03 May

Daily Watch – Right of Way charges leap, Forte Oil is heading to the gym

  • The World Bank says unemployment and poverty rates increased in Nigeria despite an exit from recession in 2017. The Bretton Woods institution, in a report titled ‘Nigeria Bi-annual Economic Update: Fragile Recovery’ said that “the decline in the non-oil, non-agriculture sector, however, continued, as aggregate demand remained weak and private sector credit low.” “Policymakers may want to focus on investments that reinforce clusters and economies of scale and optimise the connectivity between rural areas and the major urban markets,” the World Bank said. In March, the IMF said the country needed urgent and coherent policies because Nigerians were getting poorer.
  • Oil trading was muted on Wednesday as market participants in Asia and parts of Europe returned after holidays this week. Roughly a third of Angola’s June programme had yet to trade, while some Nigerian barrels could be reoffered, Reuters reports. While most traders said Asian buying would pick up following holidays in the region, no fresh deals were reported on Wednesday. While Nigerian cargoes have sold into tenders, most of them from Indian refiners, other sales have mostly gone to traders, meaning they could be re-offered later, traders said.
  • Nigerian telcos licensed to deploy broadband infrastructure will have to pay about ₦600 billion in Right of Way charges to the 36 states, according to a New Telegraph report which highlights the obstacle such fees pose for the country’s broadband penetration objectives. This paper said the amount based on the recent declaration that Nigeria requires 120,000 kilometres of fibre to achieve nationwide broadband coverage and an average of ₦5,000 per meter of fibre being charged by states. This sum is, however, conservative considering the fact that some states, according to NCC data, charge as high as ₦25,000 per meter of fibre. These charges are also in defiance of a 2013 National Economic Council recommendation of ₦145 per meter fee for RoW across states, which formed part of the 30 percent penetration target set out in the National Broadband Plan.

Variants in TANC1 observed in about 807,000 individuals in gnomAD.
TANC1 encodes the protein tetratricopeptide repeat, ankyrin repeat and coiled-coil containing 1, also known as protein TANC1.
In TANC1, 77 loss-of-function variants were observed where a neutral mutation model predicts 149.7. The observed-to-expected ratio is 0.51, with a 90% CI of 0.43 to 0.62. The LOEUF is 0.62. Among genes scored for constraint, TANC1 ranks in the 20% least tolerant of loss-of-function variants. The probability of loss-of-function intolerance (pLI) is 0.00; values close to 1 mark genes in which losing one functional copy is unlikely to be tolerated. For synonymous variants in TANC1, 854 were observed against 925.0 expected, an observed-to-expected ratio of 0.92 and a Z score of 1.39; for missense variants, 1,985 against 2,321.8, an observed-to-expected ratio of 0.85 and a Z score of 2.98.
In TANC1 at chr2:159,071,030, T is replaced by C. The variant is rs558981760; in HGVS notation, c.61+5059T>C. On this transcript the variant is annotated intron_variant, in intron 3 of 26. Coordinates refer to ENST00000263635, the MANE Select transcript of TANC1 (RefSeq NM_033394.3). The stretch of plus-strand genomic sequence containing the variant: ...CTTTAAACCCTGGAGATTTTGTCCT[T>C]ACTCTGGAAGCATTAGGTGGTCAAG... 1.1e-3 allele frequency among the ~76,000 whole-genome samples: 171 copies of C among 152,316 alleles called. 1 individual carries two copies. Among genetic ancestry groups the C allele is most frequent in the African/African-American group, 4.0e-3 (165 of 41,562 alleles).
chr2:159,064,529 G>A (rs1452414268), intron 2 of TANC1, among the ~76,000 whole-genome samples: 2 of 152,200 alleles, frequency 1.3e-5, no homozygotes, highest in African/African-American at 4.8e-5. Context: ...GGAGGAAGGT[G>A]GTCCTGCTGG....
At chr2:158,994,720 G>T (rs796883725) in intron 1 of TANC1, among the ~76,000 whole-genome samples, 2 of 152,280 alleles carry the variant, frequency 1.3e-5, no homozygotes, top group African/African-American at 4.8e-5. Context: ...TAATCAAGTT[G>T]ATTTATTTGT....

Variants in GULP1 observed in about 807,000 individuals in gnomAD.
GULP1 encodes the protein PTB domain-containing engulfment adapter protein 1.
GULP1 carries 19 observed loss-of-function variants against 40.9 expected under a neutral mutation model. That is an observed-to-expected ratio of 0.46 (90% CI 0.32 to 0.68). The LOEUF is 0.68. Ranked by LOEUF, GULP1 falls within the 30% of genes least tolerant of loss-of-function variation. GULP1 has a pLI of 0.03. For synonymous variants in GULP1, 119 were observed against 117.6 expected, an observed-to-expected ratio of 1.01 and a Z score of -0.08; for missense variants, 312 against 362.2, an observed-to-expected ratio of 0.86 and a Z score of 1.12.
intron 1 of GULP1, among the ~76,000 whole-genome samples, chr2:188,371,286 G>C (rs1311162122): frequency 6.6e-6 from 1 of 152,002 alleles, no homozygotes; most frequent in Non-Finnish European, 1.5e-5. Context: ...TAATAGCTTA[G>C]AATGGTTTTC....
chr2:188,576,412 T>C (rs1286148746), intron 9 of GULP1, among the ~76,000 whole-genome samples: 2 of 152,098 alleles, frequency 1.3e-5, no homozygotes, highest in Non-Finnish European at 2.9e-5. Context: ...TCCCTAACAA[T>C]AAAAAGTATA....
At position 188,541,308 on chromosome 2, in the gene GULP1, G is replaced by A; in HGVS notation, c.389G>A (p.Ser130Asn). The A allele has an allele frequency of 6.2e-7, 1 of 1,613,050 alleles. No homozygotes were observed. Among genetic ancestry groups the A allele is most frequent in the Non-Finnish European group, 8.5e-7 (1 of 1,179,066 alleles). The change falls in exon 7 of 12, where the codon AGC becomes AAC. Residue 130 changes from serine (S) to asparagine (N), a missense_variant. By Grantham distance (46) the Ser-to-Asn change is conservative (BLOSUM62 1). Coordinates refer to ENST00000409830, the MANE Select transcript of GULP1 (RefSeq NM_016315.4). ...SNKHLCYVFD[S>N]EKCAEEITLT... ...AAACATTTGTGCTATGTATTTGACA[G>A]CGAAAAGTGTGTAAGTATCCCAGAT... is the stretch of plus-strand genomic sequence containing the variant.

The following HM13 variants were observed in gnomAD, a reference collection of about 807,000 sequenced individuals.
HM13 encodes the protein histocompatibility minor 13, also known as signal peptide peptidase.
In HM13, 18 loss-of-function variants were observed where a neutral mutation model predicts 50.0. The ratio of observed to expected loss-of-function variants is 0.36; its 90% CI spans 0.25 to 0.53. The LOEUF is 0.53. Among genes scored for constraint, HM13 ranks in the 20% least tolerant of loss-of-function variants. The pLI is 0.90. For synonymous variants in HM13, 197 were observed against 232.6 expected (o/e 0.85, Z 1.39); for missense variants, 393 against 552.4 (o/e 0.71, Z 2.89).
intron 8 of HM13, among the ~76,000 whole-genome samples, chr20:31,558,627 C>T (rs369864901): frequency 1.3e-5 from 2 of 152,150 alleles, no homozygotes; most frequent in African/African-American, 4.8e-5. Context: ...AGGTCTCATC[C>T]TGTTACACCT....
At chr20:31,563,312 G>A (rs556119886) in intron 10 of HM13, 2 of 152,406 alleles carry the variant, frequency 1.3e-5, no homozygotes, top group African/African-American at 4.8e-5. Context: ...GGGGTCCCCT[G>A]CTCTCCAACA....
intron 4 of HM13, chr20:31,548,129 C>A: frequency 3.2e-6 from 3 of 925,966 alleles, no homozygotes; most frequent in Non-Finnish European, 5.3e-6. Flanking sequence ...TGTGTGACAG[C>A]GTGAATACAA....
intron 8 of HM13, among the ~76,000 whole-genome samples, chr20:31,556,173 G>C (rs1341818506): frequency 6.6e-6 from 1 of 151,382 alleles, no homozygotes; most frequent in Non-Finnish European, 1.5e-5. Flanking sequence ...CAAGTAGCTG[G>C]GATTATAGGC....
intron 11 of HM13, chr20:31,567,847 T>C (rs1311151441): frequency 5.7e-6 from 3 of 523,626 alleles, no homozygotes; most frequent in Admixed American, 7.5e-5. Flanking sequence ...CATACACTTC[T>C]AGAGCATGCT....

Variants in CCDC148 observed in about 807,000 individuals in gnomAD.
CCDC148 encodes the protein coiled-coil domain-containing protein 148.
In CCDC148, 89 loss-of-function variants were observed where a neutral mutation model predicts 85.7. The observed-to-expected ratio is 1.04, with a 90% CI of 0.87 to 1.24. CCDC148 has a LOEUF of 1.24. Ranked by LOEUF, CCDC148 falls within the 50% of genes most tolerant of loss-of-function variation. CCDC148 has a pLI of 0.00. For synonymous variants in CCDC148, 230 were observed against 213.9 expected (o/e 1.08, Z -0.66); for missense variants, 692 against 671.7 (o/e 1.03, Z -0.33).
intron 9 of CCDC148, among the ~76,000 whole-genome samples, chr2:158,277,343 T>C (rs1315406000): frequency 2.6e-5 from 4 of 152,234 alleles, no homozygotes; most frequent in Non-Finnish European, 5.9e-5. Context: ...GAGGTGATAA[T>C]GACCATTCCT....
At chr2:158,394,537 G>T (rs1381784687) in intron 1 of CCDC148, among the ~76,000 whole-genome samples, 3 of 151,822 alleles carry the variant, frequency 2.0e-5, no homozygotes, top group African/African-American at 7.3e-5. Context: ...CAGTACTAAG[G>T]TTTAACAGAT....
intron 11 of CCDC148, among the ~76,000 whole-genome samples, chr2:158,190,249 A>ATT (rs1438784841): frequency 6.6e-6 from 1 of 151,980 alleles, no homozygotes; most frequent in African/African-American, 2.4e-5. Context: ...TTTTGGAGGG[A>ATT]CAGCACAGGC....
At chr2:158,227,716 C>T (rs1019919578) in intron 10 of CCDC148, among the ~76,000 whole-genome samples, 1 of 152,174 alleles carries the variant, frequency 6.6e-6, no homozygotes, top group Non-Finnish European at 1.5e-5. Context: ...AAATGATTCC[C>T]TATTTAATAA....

• The CBN on Wednesday injected the sum of $210 million into the inter-bank forex market in continuation of its efforts to sustain liquidity in the market. The regulator offered the sum of $100 million to authorised dealers in the wholesale segment of the market. The Small and Medium Scale Enterprises segment received $55 million while the sum of $55 million was apportioned to invisibles such as tuition fees, medical payments and basic travel allowance. A statement by spokesman Isaac Okoroafor reiterated the CBN’s capacity to continue to sustain forex interventions. Okorafor urged deposit money banks to continue to honour requests from customers with genuine needs, noting that the bank will continue to sustain liquidity in the foreign exchange market.
  • Forte Oil plans to sell its upstream services and power businesses in Nigeria and divest from Ghana to focus on its core fuel distribution operation at home and to invest in storage infrastructure, the company said on Wednesday. Forte Oil, majority owned by billionaire Femi Otedola, did not give a reason for the change in direction but said the downstream sector in Nigeria had gone through changes in recent years and was expected to evolve further. Forte Oil’s share price plunged 49 percent last year after the company struggled to get hard currency to import products. It now has a total market value of ₦57.3 billion ($188 million) but gave no indication on Wednesday of how much the businesses for sale might fetch. It now plans to seek shareholder approval for the sale on 23 May and appoint advisers, it said in a notice to investors.
  • Guinness Nigeria said CEO Peter Ndegwa will be stepping down to take up a new role within Diageo, Guinness Nigeria’s parent company. In a statement to the NSE, the brewer said that Baker Magunda, currently Managing Director of Meta Abo Brewery in Ethiopia will take over as the new CEO following a period of transition. He has nearly twenty years’ experience in the consumer goods and alcohol industry and has worked across Africa in Uganda and Kenya as well as Ethiopia and Sudan. Ndegwa has been at Guinness Nigeria for nearly three years, overseeing a successful Rights Issue as well as the implementation of a productivity programme.